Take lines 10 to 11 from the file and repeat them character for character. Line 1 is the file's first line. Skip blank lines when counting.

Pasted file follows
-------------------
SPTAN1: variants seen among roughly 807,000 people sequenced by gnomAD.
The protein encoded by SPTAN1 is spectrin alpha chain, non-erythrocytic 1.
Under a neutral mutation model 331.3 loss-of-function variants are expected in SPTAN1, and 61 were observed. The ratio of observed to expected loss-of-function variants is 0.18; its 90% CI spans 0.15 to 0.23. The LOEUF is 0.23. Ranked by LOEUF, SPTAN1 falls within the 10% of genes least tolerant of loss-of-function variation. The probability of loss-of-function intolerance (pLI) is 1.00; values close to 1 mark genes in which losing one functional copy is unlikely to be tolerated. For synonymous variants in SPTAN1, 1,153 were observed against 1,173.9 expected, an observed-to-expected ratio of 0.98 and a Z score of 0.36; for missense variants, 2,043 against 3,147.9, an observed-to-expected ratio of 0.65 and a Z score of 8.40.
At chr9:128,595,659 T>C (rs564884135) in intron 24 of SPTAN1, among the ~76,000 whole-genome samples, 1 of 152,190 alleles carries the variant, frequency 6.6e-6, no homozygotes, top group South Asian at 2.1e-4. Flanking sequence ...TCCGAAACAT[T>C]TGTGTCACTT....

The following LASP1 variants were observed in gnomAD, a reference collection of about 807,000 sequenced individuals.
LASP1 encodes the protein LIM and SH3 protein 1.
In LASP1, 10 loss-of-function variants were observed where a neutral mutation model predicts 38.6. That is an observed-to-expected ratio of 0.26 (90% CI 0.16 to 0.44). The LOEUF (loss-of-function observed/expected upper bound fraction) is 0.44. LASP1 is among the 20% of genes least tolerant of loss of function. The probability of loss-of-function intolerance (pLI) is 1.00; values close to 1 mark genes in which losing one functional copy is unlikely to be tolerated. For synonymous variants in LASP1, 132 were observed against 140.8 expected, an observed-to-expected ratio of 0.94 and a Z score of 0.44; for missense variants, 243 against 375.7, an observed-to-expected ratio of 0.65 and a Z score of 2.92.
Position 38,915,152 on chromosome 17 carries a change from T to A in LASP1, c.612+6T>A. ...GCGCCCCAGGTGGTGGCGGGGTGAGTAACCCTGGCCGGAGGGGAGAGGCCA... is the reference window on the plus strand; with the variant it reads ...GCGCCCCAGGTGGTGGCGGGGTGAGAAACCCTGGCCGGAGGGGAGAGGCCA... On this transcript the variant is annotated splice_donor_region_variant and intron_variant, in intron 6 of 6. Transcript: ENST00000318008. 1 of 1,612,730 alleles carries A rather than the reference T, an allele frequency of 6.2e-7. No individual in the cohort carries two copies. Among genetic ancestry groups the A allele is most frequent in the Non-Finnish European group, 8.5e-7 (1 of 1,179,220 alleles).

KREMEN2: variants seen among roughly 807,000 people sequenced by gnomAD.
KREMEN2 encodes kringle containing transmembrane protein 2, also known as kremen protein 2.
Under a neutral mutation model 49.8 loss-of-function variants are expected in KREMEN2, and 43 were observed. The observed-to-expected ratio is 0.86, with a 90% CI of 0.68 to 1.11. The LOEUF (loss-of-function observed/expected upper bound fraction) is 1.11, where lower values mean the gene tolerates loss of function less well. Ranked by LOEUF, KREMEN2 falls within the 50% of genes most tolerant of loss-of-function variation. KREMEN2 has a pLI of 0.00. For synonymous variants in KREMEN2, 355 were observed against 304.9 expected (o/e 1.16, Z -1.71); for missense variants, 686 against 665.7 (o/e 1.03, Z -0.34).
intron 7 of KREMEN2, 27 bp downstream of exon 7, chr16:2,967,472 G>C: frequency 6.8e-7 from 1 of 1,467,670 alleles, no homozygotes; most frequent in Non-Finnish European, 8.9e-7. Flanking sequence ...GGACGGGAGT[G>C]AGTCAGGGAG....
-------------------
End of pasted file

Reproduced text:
KREMEN2 encodes kringle containing transmembrane protein 2, also known as kremen protein 2.
Under a neutral mutation model 49.8 loss-of-function variants are expected in KREMEN2, and 43 were observed. The observed-to-expected ratio is 0.86, with a 90% CI of 0.68 to 1.11. The LOEUF (loss-of-function observed/expected upper bound fraction) is 1.11, where lower values mean the gene tolerates loss of function less well. Ranked by LOEUF, KREMEN2 falls within the 50% of genes most tolerant of loss-of-function variation. KREMEN2 has a pLI of 0.00. For synonymous variants in KREMEN2, 355 were observed against 304.9 expected (o/e 1.16, Z -1.71); for missense variants, 686 against 665.7 (o/e 1.03, Z -0.34).